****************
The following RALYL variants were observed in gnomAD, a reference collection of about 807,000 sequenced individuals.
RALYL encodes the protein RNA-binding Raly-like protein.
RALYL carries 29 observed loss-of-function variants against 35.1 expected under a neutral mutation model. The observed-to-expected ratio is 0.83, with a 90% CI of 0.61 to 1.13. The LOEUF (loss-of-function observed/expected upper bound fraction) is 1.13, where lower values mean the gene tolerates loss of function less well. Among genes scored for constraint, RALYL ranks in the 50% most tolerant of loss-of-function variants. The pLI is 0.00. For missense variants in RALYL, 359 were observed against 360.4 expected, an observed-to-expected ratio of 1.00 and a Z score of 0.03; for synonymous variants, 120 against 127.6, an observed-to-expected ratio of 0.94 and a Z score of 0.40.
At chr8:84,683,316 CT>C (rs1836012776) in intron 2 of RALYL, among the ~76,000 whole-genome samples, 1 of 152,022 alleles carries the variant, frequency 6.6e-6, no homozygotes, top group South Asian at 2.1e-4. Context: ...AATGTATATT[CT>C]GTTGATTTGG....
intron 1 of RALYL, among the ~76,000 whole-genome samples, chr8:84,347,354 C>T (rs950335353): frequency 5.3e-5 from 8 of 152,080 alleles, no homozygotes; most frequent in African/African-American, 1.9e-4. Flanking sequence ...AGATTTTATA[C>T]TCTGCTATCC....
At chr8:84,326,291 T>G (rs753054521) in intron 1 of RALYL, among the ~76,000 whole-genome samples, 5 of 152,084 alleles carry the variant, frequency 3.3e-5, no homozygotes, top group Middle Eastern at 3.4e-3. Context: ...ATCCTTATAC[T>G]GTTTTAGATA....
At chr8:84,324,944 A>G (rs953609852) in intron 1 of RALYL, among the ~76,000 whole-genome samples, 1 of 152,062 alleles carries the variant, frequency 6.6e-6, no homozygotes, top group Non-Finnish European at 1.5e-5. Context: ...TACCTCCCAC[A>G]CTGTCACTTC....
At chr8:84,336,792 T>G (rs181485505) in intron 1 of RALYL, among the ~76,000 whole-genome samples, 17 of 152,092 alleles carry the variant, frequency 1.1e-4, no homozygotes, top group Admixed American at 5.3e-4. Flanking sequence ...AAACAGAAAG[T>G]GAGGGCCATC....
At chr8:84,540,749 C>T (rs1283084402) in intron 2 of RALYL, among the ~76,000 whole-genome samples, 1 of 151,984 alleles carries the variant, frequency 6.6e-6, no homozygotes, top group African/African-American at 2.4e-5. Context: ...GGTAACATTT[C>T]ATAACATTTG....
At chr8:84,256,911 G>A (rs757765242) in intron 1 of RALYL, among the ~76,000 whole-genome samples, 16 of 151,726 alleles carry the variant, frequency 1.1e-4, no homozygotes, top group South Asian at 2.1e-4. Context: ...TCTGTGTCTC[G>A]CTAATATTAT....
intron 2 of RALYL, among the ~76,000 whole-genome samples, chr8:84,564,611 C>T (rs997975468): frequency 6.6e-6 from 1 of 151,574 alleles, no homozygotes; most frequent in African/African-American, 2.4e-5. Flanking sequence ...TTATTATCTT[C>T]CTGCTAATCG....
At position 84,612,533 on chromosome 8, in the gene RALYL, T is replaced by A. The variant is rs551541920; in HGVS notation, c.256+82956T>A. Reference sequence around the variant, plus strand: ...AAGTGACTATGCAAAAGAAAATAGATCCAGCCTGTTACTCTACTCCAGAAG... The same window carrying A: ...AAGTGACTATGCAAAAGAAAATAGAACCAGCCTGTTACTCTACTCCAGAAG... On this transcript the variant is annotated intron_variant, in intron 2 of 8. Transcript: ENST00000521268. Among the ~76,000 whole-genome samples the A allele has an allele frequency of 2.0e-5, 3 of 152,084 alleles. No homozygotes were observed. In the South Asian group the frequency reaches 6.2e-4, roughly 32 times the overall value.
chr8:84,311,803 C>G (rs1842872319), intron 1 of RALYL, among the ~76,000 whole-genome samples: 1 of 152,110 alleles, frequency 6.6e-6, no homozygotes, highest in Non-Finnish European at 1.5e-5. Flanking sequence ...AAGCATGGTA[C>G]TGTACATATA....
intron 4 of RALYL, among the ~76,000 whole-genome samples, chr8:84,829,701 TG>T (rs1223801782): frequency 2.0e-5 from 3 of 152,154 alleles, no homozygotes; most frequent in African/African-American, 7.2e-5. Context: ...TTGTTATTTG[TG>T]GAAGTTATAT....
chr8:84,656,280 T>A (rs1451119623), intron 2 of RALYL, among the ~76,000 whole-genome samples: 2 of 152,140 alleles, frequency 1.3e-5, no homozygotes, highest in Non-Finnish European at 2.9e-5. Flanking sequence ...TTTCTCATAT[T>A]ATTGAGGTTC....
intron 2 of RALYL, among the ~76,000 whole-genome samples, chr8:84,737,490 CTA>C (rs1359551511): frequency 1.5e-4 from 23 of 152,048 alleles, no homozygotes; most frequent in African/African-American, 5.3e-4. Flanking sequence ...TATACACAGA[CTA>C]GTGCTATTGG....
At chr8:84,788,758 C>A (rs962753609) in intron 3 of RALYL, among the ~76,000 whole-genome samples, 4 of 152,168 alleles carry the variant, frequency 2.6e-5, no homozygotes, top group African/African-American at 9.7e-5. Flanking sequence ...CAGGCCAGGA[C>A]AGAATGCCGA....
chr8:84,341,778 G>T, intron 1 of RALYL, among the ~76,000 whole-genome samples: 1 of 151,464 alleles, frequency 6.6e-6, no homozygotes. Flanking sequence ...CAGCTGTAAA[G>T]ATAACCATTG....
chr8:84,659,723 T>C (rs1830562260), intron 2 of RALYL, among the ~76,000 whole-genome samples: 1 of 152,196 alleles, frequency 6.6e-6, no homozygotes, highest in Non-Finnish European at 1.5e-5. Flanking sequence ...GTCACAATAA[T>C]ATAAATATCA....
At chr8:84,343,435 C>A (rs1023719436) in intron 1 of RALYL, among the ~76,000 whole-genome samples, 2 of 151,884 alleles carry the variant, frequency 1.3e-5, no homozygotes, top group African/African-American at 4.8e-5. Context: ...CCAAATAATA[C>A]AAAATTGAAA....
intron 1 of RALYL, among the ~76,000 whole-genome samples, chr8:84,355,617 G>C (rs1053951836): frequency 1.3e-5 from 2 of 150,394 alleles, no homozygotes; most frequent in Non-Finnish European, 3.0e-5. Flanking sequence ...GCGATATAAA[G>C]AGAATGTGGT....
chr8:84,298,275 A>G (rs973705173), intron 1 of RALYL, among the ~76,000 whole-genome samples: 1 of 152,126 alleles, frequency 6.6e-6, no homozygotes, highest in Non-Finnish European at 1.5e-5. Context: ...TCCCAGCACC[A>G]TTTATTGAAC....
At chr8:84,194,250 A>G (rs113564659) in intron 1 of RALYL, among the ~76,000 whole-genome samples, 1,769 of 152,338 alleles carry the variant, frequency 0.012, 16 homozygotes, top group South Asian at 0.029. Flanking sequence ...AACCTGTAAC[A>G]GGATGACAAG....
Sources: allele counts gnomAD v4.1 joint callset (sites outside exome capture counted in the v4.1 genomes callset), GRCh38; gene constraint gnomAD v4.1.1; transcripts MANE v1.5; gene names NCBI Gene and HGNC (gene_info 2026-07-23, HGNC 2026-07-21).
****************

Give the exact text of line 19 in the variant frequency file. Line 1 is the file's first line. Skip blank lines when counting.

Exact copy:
chr8:84,659,723 T>C (rs1830562260), intron 2 of RALYL, among the ~76,000 whole-genome samples: 1 of 152,196 alleles, frequency 6.6e-6, no homozygotes, highest in Non-Finnish European at 1.5e-5. Flanking sequence ...GTCACAATAA[T>C]ATAAATATCA....